FP: Now on Tuesday, Election day, all of a sudden you guys were back in the news. There was some footage at a Rubio rally that spread. What happened on Tuesday?

McAlister: So Rubio was going to different polling locations. It was Election Day. And we were there to greet him and make our case again that he’s just another robot. And I guess between staff and volunteers for Rubio, it got a little aggressive. I think it finally hit a chord and they weren’t too happy that we were there. So there was a lot of pushing and shoving. I mean, in any campaign you expect that volunteers and staff are going to try and cover signs and that sort of thing, but it got aggressive. One of the robots was put in a headlock by Rubio’s New Hampshire campaign manager– the director – the chairman. And it just got pretty aggressive. So we took that as a sign that we had actually hit on a nerve with Rubio and his staff. And it was just a little surprising. You hope that a candidate and his staff wouldn’t really get shaken up by Christie and two guys wearing cardboard boxes. For us, it really sort of questioned whether he’s ready to be commander in chief if he can’t handle us.

FP: Well, Chris Christie was a prosecutor, as he was always reminding us, so he can be quite aggressive. Now I know American Bridge – I’ve been getting your releases for a couple of years now. A lot of them are anti-Marco Rubio. Do you go off on other Republican candidates or – what’s the mission that you guys are trying to do during this campaign season?

McAlister: Our general motivation is just exposing Republicans and holding them accountable. We do focus on Rubio, but we’re also focusing on Jeb Bush and Ted Cruz and Donald Trump. And we do a lot in senate races and governors races and house races, too. So I’m sure that while you’re focused on what we’re doing with Rubio just because of Florida, we are out there doing a lot on other candidates.

FP: We’ve got so many primaries coming up here, of course. Will you guys be out there on the road in the next few weeks and months?

McAlister: Well the funny thing is that Eddie and I actually went down to South Carolina yesterday (Wednesday). We skipped the election coverage in New Hampshire on Tuesday night and took a flight down to South Carolina so we could be at his events down there, and I think we sort of threw off Rubio and his staff that we were actually trailing them. We did have to get back to D.C. to get back to our day jobs after wearing cardboard boxes for several days. We do have plans to keep this narrative up to make sure that everybody knows that criticism of Rubio exists. And between South Carolina nine days from now and Nevada three days later, there are some plans in the works to keep this going.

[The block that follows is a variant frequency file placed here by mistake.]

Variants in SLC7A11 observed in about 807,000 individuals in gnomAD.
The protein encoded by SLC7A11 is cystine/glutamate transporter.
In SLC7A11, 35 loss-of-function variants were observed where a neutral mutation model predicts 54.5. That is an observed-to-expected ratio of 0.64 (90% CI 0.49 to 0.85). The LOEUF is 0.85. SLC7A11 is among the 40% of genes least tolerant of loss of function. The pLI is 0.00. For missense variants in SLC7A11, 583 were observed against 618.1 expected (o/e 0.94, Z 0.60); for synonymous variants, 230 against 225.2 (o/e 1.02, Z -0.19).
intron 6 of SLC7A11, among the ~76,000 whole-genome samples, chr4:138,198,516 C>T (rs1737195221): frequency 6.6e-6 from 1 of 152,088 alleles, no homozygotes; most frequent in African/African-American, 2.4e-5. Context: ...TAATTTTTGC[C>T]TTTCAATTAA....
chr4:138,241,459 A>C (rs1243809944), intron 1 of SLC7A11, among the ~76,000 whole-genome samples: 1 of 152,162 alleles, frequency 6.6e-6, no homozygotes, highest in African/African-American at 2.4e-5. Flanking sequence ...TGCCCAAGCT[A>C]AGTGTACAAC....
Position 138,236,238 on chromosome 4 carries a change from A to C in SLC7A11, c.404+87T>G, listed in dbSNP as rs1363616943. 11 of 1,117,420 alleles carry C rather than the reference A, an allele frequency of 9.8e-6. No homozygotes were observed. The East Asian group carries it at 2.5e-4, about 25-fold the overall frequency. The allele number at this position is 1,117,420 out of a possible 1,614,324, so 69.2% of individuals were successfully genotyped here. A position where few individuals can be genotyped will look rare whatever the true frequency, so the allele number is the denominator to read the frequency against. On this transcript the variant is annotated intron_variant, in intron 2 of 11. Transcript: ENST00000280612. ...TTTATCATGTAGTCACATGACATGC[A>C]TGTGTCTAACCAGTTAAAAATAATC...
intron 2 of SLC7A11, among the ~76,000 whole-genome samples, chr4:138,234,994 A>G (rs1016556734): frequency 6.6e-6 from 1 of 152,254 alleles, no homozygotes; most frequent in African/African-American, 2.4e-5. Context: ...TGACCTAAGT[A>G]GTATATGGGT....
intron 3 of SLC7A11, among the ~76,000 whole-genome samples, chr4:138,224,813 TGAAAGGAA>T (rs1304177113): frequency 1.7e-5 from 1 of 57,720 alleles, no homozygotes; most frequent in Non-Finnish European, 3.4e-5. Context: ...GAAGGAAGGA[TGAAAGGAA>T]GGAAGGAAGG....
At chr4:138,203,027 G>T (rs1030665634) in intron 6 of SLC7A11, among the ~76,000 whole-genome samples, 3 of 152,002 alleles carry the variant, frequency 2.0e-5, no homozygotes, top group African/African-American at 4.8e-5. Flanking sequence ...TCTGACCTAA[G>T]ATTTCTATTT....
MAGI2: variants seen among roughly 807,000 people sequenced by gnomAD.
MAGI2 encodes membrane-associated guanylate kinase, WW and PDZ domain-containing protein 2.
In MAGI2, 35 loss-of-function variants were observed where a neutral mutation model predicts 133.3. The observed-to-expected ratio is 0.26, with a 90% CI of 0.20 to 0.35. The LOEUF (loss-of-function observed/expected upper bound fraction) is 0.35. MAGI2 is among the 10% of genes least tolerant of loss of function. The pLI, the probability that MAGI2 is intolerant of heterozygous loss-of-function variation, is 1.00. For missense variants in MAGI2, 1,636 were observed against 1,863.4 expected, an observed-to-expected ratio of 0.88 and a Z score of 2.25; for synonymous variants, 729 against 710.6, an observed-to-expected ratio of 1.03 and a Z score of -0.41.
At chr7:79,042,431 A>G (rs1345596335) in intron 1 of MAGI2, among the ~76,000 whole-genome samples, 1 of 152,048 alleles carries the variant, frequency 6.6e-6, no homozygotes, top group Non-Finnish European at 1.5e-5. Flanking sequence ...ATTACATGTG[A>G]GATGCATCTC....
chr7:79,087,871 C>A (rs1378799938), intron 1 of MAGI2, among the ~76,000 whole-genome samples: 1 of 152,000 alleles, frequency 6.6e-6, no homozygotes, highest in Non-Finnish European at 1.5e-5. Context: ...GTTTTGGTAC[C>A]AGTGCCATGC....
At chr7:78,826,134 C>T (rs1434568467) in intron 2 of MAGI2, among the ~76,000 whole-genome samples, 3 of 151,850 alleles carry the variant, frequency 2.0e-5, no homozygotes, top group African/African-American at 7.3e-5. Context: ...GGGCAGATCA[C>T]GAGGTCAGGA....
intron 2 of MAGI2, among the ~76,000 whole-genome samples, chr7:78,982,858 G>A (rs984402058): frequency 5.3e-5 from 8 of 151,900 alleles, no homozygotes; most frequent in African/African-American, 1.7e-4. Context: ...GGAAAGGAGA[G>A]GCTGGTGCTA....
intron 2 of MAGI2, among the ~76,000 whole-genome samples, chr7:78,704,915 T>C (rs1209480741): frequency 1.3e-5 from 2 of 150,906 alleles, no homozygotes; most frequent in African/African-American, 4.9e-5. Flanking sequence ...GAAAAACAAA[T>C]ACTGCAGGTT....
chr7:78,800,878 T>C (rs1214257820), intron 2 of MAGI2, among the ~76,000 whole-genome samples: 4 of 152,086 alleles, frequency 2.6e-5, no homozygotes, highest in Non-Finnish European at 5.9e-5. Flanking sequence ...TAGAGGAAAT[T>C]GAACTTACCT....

Mitch Perry Report for 2.11.16 — Carly and Chris bid adieu to the circus

Chris Christie and Carly Fiorina have suspended their presidential campaigns.

This reporter had the chance to see the New Jersey governor (yes, that is the day job he’s pretty much blown off for months) a week ago in Keene, N.H. The fun part about that was how intimate it was: It was a small crowd (maybe too small, an indication of how he was going to perform on Tuesday), but other than a few opening remarks, the 90-minute event was all about him taking questions from the audience.

He was confident, humble, and forthright. When discussing health care, he admitted that he didn’t have a perfect solution, saying nobody did (yes, he wants to repeal the ACA).  He was funny at times, and kind. For those who wanted to see him blow up on someone, that didn’t happen, though he did give the cable networks a 10-second bite when he asked a man what the heck he was talking about (after the man went on for over two minutes without getting to his question).

I think he was a very good candidate, but he was toast before he got into the race. The BridgeGate scandal just stunk to high heaven, and even if he himself wasn’t personally involved, it happened on his watch with some of his top deputies. It reinforced the perceptions that he was a bully who went after his opponents, and it killed him.

However, depending on how this race ends up, his verbal takedown on Marco Rubio will go down in American political history. If Jeb Bush (or John Kasich) ends up somehow capturing the nomination, they’ll owe Christie big-time.

When I went to a GOP presidential cattle call in New Hampshire last April, there were two Republicans who impressed me purely with their presentation skills: Ted Cruz and Fiorina.

She really didn’t have much of a record to run on, frankly, but she was a good political athlete. Her tenure as a businesswoman was checkered, and she got mauled when running for U.S. Senate against Barbara Boxer in 2010. So why was she running?

Her verbal skills kept her in the game for awhile. And frankly, she got screwed by ABC last week when she wasn’t allowed into the Saint Anselm College debate in Manchester despite receiving more votes than Bush and Kasich in Iowa. That made no sense, and showed a level of disrespect to her campaign.

They’re both gone. Who’s taking odds on when Ben Carson departs?

In other news …

NARAL pro-choice America is blasting Marco Rubio for his stance on not believing abortion for women, even in the case of rape or incest.

• • •

Rubio says he’s moving on to South Carolina, in the wake of his lousy week in New Hampshire.

• • •

You better believe the Rubio camp is taking seriously the charges that he hasn’t accomplished enough to make him qualified to become the next president. Wednesday his campaign team added this post to their website.

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A proposal to remove Florida’s statue of a Confederate general in the U.S. Capitol advanced in a state House committee Wednesday.